“They have a good understanding of our company, which is a really important aspect of the whole thing. They’ve been working with us for a long time so they kind of know our personality and what we want to get across,” Fleming said.

Fleming said the existing trust and relationship that Noritz had with the agencies made their decision easy when considering social media management.

“It’s important to have the right people who can answer the questions. That’s something that we learned and are still learning,” Fleming said. “The people who are engaged on Facebook, Twitter and anything else want quick responses. So, to have the right people in this is a little bit of a challenge. But, it’s the first step.”

Aquatherm’s North American office was recently able to invest in a social media manager. Starting in 2007, when the company joined Facebook, key people in Aquatherm’s marketing department shared social media responsibilities. Originally, the company stuck to posting photos or installation-related posts to engage with customers and the public. Over time, the company’s social media presence grew to include Twitter, LinkedIn, Pinterest, Google+ and YouTube. The marketing department quickly realized that they were lacking the bandwidth to post as regularly as they would like to.

“It has evolved organically with our president, Adam Clark, and VP of Marketing, Parr Young, driving it,” explained Barry Campbell, vice president of Advertising and Media Relations at Aquatherm. “As we posted more things and got more interaction with end users of our product, we wanted to increase the frequency and relevancy of social media posts, which we’ve done in the last several months.”

Aquatherm has achieved some of its social media goals thanks to recent hire, Sara Lutz. Lutz joined the team as a communications specialist during the summer of 2013.

“Sara spends roughly a third of her time managing social media, with the remainder going to marketing/PR support,” Campbell said. “She and I find relevant content to post and she posts it via Buffer. So, posts go out the same time every day.”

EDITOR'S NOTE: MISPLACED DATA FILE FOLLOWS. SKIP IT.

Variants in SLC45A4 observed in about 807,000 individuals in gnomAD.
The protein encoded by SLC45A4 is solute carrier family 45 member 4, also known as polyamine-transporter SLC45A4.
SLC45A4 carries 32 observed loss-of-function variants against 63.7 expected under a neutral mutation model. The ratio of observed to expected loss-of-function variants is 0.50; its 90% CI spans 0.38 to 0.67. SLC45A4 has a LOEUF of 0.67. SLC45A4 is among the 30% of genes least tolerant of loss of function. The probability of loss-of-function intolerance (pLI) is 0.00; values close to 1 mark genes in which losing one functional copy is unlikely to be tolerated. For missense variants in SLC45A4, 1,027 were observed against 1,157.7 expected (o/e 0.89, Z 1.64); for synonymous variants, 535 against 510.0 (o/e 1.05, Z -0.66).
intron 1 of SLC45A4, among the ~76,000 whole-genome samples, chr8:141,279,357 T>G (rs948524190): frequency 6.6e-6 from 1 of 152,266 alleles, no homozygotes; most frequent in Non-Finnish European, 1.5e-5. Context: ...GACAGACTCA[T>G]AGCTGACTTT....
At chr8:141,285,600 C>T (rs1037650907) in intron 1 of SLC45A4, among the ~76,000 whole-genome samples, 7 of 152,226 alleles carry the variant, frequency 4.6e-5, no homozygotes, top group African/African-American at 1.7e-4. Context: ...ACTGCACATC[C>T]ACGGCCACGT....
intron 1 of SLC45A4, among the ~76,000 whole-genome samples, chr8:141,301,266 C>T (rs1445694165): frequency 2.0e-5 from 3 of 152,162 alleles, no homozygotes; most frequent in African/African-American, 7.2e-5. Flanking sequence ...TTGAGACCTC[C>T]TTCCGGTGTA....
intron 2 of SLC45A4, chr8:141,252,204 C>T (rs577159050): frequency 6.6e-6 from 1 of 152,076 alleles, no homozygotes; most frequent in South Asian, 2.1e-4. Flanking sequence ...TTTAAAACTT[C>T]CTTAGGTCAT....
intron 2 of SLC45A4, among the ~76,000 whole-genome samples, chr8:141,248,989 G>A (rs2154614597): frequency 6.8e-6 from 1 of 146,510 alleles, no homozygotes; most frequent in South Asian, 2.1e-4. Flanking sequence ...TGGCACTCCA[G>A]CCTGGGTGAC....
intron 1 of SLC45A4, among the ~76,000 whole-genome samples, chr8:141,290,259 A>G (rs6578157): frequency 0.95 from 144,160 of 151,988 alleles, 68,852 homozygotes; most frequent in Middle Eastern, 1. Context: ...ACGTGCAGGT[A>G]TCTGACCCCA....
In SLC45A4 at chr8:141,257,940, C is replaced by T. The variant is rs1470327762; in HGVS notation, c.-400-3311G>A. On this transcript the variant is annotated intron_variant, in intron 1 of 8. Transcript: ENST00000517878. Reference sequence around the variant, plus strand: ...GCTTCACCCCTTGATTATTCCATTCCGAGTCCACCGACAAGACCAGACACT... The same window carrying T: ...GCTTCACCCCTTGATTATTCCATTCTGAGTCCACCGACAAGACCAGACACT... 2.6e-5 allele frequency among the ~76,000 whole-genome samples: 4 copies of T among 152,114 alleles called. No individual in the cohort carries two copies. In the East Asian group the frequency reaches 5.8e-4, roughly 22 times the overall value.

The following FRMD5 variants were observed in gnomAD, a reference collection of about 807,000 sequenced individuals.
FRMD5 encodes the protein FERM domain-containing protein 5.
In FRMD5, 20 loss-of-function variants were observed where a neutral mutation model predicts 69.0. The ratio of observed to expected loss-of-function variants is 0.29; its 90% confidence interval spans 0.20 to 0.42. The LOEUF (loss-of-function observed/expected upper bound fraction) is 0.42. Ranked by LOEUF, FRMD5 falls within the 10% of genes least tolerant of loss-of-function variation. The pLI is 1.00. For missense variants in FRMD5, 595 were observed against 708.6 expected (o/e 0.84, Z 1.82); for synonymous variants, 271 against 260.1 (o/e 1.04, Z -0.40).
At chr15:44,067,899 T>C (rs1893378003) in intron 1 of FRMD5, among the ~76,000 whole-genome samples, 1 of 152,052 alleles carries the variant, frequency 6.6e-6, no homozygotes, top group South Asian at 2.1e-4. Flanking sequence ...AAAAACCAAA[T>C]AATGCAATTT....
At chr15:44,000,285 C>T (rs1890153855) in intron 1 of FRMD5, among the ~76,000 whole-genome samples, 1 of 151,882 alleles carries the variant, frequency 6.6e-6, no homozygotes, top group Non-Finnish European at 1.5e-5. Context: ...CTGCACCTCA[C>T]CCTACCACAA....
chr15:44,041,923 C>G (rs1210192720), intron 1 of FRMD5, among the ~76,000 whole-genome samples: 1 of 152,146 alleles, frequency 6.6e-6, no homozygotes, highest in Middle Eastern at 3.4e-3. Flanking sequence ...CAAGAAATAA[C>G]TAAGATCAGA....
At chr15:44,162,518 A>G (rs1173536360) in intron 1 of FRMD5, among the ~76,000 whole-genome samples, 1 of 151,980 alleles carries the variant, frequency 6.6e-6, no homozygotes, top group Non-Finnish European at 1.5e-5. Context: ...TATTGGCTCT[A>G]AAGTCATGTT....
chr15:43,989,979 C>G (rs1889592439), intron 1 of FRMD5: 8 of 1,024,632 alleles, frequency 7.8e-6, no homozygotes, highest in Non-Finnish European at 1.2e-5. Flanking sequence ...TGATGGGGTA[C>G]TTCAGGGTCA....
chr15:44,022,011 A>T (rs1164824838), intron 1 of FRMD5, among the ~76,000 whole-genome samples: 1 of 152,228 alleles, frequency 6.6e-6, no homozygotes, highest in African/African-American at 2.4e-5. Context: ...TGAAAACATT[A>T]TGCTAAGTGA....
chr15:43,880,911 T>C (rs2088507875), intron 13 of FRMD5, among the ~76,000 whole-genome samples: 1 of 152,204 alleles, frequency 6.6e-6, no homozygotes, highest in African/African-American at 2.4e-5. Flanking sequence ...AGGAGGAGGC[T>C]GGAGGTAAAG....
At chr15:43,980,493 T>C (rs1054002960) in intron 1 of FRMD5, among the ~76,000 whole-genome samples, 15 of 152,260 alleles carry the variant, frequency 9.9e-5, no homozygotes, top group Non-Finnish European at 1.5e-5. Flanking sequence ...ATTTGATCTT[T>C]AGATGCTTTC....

On Aquatherm’s social media, visitors can find posts from the field, unique pipe innovations created by the prefabrication shop, photo submissions, event coverage, and more. It is the company’s ongoing goal to post more original content. Aquatherm recently launched a new blog, www.stateofthepipe.com, to host its original posts from industry professionals who offer insightful information.

Campbell agreed with the sentiments that hiring a dedicated social media employee brings up questions of affordability, especially in the business-to-business world and more specifically, in our industry. He recommended that employers consider creating broad communications, public relations, sales, etc. roles when making social media personnel decisions to help alleviate budget strains.

“It’s wise for anyone being hired with social media as a main component of their job to have a solid writing background,” Campbell noted. “Social media does have its own sort of language and attitude, and that’s great. But, when you’re trying to educate contractors, engineers, building owners, and facility managers about a new product that can save them money, time and hassles, it’s more important to speak their language, relate to them and know your market than to be fluent in social media.”

Though return on investment (ROI) and time spent are nebulous terms when it comes to evaluating social media, Campbell said that using social media is worth it. Businesses have the opportunity to build brand awareness, grow communities, share unique stores, develop partnerships, and learn what customers are saying in order to better respond to their needs.

“I have this discussion regularly with a variety of people in different roles throughout the industry. With the average age of a contractor, building owner, or facility manager somewhere around 50, you’re only reaching a small subset of the overall industry with social media,” Campbell said. “Yet, it has become something that you still need to devote time and resources to so you’re not missing the boat.”

For those still needing answers to the “dollars and cents” of social media, both Fleming and Rohr had stories about the connection between social media and sales. Fleming made an analogy to pitches while Rohr took the angle of friendship.

“[A previous Nortiz coworker said] it’s almost like you’re going in on a sales call. What are you going to talk about when you’re on that sales call? Whatever you’re going to do to pitch to make the sale, you want to use that same thought process with social media; it’s just that everybody else is going to be able to see it,” Fleming said. “Treat it as a relationship. It can’t just be one-sided. It’s got to be give and take.”

Rohr said, “Jeff Ginimer had a thought that really resonated with me, ‘just make a friend.’ That’s all sales is about. And social media gives you the opportunity to make a friend.”

The 2013 Pew Research Center Social Media Update said that 73 percent of online adults use at least one social networking site and 42 percent of online adults use multiple social networking sites. That’s a lot of opportunity for your business to make some new friends.